While reading the Spanish translation of How to Win Friends and Influence People I came across this sentence:

Confesóme que cada vez que entraba al escenario se decía...

In English it is just, "He told me that each time he went on stage..."

Googling around I found several other uses of this form, though not enough to convince me either way. Many years ago was it permissable to write "Me confesó" as "Confesóme"?


Enclitic pronouns are usually only added to the infinitive, gerund and imperative forms of verbs. However, as explained in the Nueva gramática de la lengua española (Section 16.7e),

[...] No obstante, la enclisis a las formas personales del verbo (díjolo, violas, contestole) se documenta hasta el siglo XX tanto en el español europeo como en el americano, con más frecuencia a principio de oración o tras pausa. Aún se usan ocasionalmente en la lengua escrita, sobre todo en la literaria, formas verbales conjugadas con pronombres enclíticos, aunque suelen percibirse como arcaizantes. [...]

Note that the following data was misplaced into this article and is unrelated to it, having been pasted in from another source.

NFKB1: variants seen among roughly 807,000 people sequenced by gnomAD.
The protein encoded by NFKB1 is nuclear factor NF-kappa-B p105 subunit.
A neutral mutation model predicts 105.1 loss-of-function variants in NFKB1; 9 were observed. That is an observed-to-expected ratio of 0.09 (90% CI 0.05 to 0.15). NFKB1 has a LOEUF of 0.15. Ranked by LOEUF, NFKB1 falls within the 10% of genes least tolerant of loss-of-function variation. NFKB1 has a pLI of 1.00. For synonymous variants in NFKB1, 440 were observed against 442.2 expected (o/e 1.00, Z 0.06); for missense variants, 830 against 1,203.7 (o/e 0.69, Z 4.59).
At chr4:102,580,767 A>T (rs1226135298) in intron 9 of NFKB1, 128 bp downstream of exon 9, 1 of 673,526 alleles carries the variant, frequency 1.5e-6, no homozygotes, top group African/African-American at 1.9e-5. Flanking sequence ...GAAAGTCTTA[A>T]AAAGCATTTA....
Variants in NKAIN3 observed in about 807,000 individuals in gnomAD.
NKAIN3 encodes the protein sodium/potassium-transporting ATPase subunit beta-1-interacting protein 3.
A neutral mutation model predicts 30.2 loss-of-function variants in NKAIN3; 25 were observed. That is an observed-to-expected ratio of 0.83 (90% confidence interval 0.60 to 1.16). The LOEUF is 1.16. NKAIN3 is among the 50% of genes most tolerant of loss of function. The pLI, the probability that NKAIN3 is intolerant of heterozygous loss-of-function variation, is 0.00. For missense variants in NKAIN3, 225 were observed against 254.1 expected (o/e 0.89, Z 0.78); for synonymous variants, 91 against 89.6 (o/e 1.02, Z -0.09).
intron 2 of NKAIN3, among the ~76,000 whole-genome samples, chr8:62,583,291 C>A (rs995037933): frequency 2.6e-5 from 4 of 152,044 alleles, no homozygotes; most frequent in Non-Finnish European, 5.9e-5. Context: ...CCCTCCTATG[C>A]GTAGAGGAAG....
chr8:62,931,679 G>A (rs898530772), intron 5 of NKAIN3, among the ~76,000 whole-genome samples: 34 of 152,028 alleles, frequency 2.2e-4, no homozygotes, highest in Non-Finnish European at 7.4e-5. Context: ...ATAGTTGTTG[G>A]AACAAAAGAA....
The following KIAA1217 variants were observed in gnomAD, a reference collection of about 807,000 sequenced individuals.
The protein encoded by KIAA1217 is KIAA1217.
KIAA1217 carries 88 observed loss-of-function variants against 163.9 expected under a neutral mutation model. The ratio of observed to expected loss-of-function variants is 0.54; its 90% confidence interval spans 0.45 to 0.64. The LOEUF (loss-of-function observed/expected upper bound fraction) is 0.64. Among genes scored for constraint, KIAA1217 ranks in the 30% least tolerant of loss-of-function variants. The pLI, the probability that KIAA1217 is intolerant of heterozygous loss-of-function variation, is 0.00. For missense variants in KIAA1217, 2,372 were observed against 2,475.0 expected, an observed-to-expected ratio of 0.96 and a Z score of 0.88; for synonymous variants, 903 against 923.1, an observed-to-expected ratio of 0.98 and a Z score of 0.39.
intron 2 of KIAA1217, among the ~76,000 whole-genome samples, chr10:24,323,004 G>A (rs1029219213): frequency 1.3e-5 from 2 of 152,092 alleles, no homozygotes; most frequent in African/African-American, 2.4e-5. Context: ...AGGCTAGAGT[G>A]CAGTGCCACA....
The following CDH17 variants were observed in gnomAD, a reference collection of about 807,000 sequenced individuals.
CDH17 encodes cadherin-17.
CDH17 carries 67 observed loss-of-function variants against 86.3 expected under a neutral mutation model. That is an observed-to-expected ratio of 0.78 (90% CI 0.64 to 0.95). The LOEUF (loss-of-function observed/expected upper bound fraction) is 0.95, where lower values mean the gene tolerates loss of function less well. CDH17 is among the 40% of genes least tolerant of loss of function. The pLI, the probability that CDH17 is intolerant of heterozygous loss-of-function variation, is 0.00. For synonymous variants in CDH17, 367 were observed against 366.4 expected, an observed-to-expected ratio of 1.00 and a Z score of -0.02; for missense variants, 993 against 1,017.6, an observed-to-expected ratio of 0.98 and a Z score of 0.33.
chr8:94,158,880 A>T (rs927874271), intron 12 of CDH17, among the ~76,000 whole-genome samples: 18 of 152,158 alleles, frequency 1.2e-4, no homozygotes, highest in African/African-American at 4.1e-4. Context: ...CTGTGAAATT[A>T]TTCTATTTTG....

i.e., enclitic pronouns added to personal forms of verbs (like the preterite) were common in Spanish until the 20th century, and are still used in written, literary language, though they are considered old-fashioned. They are correct, but you would not use these forms in everyday language.

Note also that "confesome" does not have an accent, as the stress is on the second to last syllable, and the word ends in a vowel. See here for the complete accent placement rules in Spanish.


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